Much of the universe was created when dust from star-based processes clumped into intermediate-sized particles and eventually became planets, moons and other objects. Many questions remain as to just how this worked, though. The EXCISS investigation seeks answers by simulating the high-energy, low gravity conditions that were present during formation of the early solar system. Scientists plan to zap a specially formulated dust with an electrical current, then study the shape and texture of pellets formed.

Principal investigator Tamara Koch explains that the dust is made up of particles of forsterite (Mg2SiO4), the main mineral in many meteorites and related to olivine, also known as the gemstone peridot. The particles are about the diameter of a human hair.

Growing crystals to fight Parkinson’s disease

The CASIS PCG-16 investigation grows large crystals of an important protein, Leucine-rich repeat kinase 2, or LRRK2, in microgravity for analysis back on Earth. This protein is implicated in development of Parkinson’s disease, and improving our knowledge of its structure may help scientists better understand the pathology of the disease and develop therapies to treat it. Crystals of LRRK2 grown in gravity are too small and too compact to study, making microgravity an essential part of this research.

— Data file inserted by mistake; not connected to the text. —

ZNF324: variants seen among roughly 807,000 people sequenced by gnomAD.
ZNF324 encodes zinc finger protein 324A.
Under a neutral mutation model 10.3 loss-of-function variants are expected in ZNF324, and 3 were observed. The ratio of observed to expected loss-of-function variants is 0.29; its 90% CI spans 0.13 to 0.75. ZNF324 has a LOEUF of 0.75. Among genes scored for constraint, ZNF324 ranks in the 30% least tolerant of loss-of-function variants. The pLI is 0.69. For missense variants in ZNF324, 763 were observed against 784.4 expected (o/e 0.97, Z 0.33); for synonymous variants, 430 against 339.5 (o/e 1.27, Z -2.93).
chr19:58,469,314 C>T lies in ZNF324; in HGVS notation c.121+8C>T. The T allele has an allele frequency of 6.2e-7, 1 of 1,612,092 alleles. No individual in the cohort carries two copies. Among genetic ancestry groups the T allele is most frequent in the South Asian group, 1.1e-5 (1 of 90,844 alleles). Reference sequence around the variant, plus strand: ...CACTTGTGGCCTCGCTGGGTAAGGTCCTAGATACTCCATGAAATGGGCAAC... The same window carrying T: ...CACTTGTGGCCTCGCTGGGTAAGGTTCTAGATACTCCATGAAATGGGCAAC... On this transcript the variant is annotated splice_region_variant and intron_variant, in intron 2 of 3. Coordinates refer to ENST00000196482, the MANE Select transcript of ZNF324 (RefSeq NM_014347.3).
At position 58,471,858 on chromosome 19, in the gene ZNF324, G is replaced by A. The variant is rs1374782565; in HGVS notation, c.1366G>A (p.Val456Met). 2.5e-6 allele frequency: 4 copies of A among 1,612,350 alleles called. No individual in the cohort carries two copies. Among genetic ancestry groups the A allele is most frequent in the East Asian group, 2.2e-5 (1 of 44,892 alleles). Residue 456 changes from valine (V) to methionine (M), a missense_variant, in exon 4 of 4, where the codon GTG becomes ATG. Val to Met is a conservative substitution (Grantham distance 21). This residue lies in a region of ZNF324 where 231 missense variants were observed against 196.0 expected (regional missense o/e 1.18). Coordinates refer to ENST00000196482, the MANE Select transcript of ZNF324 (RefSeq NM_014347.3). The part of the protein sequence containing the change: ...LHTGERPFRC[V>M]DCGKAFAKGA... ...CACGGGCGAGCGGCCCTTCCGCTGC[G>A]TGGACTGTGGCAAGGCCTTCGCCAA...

Better gas separation membranes

Membranes represent one of the most energy-efficient and cost-effective technologies for separating and removing carbon dioxide from waste gases, thereby reducing greenhouse gas emissions. CEMSICA tests membranes made from particles of calcium-silicate (C-S) with pores 100 nanometers or smaller. Producing these membranes in microgravity may resolve some of the challenges of their manufacture on Earth and lead to development of lower-cost, more durable membranes that use less energy. The technology ultimately may help reduce the harmful effects of CO2 emissions on the planet.

For more information about the International Space Station, visit www.nasa.gov/station.

Russian Cargo Craft Docks to Station and Delivers Goods

Nov. 18, 2018: International Space Station Configuration
Nov. 18, 2018: International Space Station Configuration. Three spaceships are docked at the space station including the Progress 70 and Progress 71 resupply ships and the Soyuz MS-09 crew ship.

Traveling about 252 miles over Algeria, the unpiloted Russian Progress 71 cargo ship docked at 2:28 p.m. EST to the aft port of the Zvezda Service Module on the Russian segment of the International Space Station.